IDEAS home Printed from https://ideas.repec.org/
MyIDEAS: Login to save this paper or follow this series

Surviving the Titanic Disaster: Economic, Natural and Social Determinants

  • Bruno S. Frey

    ()

  • David A. Savage

    ()

    (School of Economics and Finance, Queensland University of Technology)

  • Benno Torgler

    ()

    (School of Economics and Finance, Queensland University of Technology)

The sinking of the Titanic in April 1912 took the lives of 68 percent of the people aboard. Who survived? It was women and children who had a higher probability of being saved, not men. Likewise, people traveling in first class had a better chance of survival than those in second and third class. British passengers were more likely to perish than members of other nations. This extreme event represents a rare case of a well-documented life and death situation where social norms were enforced. This paper shows that economic analysis can account for human behavior in such situations.

If you experience problems downloading a file, check if you have the proper application to view it first. In case of further problems read the IDEAS help page. Note that these files are not on the IDEAS site. Please be patient as the files may be large.

File URL: http://external-apps.qut.edu.au/business/documents/discussionPapers/2009/SurvivingtheTitanicDisaster.pdf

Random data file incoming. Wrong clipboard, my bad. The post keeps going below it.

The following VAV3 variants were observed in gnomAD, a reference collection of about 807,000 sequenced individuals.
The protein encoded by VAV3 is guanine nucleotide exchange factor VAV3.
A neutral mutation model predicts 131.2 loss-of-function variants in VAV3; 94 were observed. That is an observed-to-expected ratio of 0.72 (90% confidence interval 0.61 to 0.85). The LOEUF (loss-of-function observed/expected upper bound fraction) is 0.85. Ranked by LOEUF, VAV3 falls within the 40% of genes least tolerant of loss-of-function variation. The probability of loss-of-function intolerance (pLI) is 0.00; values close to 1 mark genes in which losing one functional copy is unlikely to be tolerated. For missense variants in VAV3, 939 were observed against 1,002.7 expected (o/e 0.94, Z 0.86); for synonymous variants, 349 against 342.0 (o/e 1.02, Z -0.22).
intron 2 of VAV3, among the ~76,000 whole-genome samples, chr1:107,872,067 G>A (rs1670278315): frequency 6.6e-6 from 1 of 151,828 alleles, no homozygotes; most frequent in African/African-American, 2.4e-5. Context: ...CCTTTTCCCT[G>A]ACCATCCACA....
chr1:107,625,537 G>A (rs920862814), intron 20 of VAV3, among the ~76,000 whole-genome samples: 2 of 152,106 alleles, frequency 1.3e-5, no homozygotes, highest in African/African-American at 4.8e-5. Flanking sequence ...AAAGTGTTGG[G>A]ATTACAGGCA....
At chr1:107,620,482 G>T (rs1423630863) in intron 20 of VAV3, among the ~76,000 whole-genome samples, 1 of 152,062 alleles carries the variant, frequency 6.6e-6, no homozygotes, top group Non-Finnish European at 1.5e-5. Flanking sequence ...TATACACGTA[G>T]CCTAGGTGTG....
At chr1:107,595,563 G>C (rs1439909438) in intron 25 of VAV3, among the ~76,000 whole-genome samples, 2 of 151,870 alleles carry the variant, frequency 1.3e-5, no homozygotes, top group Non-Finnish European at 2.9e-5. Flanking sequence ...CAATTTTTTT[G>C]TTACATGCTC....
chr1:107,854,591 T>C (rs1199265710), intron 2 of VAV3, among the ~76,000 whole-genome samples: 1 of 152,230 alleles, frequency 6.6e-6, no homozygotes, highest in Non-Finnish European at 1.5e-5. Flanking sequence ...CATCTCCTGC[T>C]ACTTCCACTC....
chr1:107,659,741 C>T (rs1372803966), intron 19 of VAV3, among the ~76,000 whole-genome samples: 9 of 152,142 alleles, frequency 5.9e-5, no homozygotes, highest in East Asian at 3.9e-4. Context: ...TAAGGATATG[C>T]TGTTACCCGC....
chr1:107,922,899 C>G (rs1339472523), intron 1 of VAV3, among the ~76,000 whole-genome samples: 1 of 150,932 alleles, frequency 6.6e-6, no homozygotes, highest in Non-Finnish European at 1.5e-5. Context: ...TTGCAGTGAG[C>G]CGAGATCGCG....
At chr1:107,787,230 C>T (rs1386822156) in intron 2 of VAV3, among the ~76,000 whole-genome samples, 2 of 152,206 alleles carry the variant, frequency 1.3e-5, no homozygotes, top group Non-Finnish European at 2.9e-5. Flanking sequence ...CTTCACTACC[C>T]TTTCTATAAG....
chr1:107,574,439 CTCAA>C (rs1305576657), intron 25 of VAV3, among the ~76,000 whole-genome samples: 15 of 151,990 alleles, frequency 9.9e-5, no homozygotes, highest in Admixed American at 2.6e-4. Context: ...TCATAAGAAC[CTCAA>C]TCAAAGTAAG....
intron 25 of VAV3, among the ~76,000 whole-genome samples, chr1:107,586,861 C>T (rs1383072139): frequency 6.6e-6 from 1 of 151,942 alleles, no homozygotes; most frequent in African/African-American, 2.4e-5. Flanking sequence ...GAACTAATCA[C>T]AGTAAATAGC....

Download Restriction: no

Paper provided by School of Economics and Finance, Queensland University of Technology in its series School of Economics and Finance Discussion Papers and Working Papers Series with number 245.

as
in new window

Length: 25 pages
Date of creation: 06 Feb 2009
Date of revision:
Handle: RePEc:qut:dpaper:245
Contact details of provider: Postal: GPO Box 2434, BRISBANE QLD 4001
Web page: http://www.bus.qut.edu.au/faculty/economics/
Email:


More information through EDIRC

References listed on IDEAS
Please report citation or reference errors to , or , if you are the registered author of the cited work, log in to your RePEc Author Service profile, click on "citations" and make appropriate adjustments.:

as in new window
  1. Gary S. Becker, 1974. "A Theory of Social Interactions," NBER Working Papers 0042, National Bureau of Economic Research, Inc.